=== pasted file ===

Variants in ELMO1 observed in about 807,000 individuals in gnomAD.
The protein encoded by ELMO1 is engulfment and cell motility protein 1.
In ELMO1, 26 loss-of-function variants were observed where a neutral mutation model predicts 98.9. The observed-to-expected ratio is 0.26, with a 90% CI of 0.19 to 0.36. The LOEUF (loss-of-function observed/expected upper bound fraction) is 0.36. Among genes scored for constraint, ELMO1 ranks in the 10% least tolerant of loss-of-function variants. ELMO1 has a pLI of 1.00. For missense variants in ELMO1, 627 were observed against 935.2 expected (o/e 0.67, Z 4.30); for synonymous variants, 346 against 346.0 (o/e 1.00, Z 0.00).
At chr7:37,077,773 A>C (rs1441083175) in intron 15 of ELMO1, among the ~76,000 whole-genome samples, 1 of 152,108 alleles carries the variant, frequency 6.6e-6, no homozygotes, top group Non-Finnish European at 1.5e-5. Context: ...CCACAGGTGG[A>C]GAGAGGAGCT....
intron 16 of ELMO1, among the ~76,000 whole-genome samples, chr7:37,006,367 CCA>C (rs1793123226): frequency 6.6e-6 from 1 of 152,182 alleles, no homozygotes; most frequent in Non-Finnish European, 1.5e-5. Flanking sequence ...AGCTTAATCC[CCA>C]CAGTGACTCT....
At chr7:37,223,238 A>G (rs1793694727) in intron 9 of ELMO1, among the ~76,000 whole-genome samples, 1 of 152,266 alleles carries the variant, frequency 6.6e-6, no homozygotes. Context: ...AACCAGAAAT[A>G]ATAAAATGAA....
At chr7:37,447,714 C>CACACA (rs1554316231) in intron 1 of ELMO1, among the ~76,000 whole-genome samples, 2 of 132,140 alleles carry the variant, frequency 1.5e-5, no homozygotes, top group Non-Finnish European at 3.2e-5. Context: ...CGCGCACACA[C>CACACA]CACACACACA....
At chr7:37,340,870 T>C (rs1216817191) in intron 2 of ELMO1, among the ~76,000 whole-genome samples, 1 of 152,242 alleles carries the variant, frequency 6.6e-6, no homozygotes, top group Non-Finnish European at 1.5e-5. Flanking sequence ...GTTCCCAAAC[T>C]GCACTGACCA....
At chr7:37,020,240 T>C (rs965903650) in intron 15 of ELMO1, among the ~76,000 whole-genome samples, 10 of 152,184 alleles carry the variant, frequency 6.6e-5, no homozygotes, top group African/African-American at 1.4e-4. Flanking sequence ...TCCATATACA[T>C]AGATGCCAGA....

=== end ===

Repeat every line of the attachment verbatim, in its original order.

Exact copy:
Variants in ELMO1 observed in about 807,000 individuals in gnomAD.
The protein encoded by ELMO1 is engulfment and cell motility protein 1.
In ELMO1, 26 loss-of-function variants were observed where a neutral mutation model predicts 98.9. The observed-to-expected ratio is 0.26, with a 90% CI of 0.19 to 0.36. The LOEUF (loss-of-function observed/expected upper bound fraction) is 0.36. Among genes scored for constraint, ELMO1 ranks in the 10% least tolerant of loss-of-function variants. ELMO1 has a pLI of 1.00. For missense variants in ELMO1, 627 were observed against 935.2 expected (o/e 0.67, Z 4.30); for synonymous variants, 346 against 346.0 (o/e 1.00, Z 0.00).
At chr7:37,077,773 A>C (rs1441083175) in intron 15 of ELMO1, among the ~76,000 whole-genome samples, 1 of 152,108 alleles carries the variant, frequency 6.6e-6, no homozygotes, top group Non-Finnish European at 1.5e-5. Context: ...CCACAGGTGG[A>C]GAGAGGAGCT....
intron 16 of ELMO1, among the ~76,000 whole-genome samples, chr7:37,006,367 CCA>C (rs1793123226): frequency 6.6e-6 from 1 of 152,182 alleles, no homozygotes; most frequent in Non-Finnish European, 1.5e-5. Flanking sequence ...AGCTTAATCC[CCA>C]CAGTGACTCT....
At chr7:37,223,238 A>G (rs1793694727) in intron 9 of ELMO1, among the ~76,000 whole-genome samples, 1 of 152,266 alleles carries the variant, frequency 6.6e-6, no homozygotes. Context: ...AACCAGAAAT[A>G]ATAAAATGAA....
At chr7:37,447,714 C>CACACA (rs1554316231) in intron 1 of ELMO1, among the ~76,000 whole-genome samples, 2 of 132,140 alleles carry the variant, frequency 1.5e-5, no homozygotes, top group Non-Finnish European at 3.2e-5. Context: ...CGCGCACACA[C>CACACA]CACACACACA....
At chr7:37,340,870 T>C (rs1216817191) in intron 2 of ELMO1, among the ~76,000 whole-genome samples, 1 of 152,242 alleles carries the variant, frequency 6.6e-6, no homozygotes, top group Non-Finnish European at 1.5e-5. Flanking sequence ...GTTCCCAAAC[T>C]GCACTGACCA....
At chr7:37,020,240 T>C (rs965903650) in intron 15 of ELMO1, among the ~76,000 whole-genome samples, 10 of 152,184 alleles carry the variant, frequency 6.6e-5, no homozygotes, top group African/African-American at 1.4e-4. Flanking sequence ...TCCATATACA[T>C]AGATGCCAGA....